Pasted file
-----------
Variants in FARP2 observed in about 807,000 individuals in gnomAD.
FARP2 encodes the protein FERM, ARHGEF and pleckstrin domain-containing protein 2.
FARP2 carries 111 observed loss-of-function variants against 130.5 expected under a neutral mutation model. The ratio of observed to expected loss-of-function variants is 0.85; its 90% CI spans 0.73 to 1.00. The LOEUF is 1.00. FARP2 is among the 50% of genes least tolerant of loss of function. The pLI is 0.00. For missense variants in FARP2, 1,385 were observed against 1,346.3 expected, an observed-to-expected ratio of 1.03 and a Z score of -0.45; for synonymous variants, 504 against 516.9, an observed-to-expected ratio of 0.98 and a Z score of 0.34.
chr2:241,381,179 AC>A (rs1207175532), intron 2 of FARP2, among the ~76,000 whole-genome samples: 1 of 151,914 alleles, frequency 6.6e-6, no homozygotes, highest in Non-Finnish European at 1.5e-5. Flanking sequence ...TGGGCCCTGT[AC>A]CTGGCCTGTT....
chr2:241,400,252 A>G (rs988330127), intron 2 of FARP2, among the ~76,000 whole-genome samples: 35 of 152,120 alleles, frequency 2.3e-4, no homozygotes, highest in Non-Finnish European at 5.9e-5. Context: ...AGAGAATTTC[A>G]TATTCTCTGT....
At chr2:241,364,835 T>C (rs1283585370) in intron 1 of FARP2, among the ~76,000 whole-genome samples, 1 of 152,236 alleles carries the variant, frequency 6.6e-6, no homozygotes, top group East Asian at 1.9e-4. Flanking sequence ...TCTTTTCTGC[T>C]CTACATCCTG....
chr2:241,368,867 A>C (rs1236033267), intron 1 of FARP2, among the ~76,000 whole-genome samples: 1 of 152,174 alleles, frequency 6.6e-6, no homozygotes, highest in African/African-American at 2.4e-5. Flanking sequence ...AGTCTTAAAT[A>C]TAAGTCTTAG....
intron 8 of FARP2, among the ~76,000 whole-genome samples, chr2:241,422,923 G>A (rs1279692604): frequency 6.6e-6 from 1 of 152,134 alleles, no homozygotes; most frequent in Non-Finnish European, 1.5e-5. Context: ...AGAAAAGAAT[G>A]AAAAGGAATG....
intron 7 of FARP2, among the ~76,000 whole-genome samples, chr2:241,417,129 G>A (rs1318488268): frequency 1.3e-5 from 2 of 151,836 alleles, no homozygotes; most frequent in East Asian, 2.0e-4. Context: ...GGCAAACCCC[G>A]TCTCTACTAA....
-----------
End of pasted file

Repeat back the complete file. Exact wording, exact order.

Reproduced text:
Variants in FARP2 observed in about 807,000 individuals in gnomAD.
FARP2 encodes the protein FERM, ARHGEF and pleckstrin domain-containing protein 2.
FARP2 carries 111 observed loss-of-function variants against 130.5 expected under a neutral mutation model. The ratio of observed to expected loss-of-function variants is 0.85; its 90% CI spans 0.73 to 1.00. The LOEUF is 1.00. FARP2 is among the 50% of genes least tolerant of loss of function. The pLI is 0.00. For missense variants in FARP2, 1,385 were observed against 1,346.3 expected, an observed-to-expected ratio of 1.03 and a Z score of -0.45; for synonymous variants, 504 against 516.9, an observed-to-expected ratio of 0.98 and a Z score of 0.34.
chr2:241,381,179 AC>A (rs1207175532), intron 2 of FARP2, among the ~76,000 whole-genome samples: 1 of 151,914 alleles, frequency 6.6e-6, no homozygotes, highest in Non-Finnish European at 1.5e-5. Flanking sequence ...TGGGCCCTGT[AC>A]CTGGCCTGTT....
chr2:241,400,252 A>G (rs988330127), intron 2 of FARP2, among the ~76,000 whole-genome samples: 35 of 152,120 alleles, frequency 2.3e-4, no homozygotes, highest in Non-Finnish European at 5.9e-5. Context: ...AGAGAATTTC[A>G]TATTCTCTGT....
At chr2:241,364,835 T>C (rs1283585370) in intron 1 of FARP2, among the ~76,000 whole-genome samples, 1 of 152,236 alleles carries the variant, frequency 6.6e-6, no homozygotes, top group East Asian at 1.9e-4. Flanking sequence ...TCTTTTCTGC[T>C]CTACATCCTG....
chr2:241,368,867 A>C (rs1236033267), intron 1 of FARP2, among the ~76,000 whole-genome samples: 1 of 152,174 alleles, frequency 6.6e-6, no homozygotes, highest in African/African-American at 2.4e-5. Flanking sequence ...AGTCTTAAAT[A>C]TAAGTCTTAG....
intron 8 of FARP2, among the ~76,000 whole-genome samples, chr2:241,422,923 G>A (rs1279692604): frequency 6.6e-6 from 1 of 152,134 alleles, no homozygotes; most frequent in Non-Finnish European, 1.5e-5. Context: ...AGAAAAGAAT[G>A]AAAAGGAATG....
intron 7 of FARP2, among the ~76,000 whole-genome samples, chr2:241,417,129 G>A (rs1318488268): frequency 1.3e-5 from 2 of 151,836 alleles, no homozygotes; most frequent in East Asian, 2.0e-4. Context: ...GGCAAACCCC[G>A]TCTCTACTAA....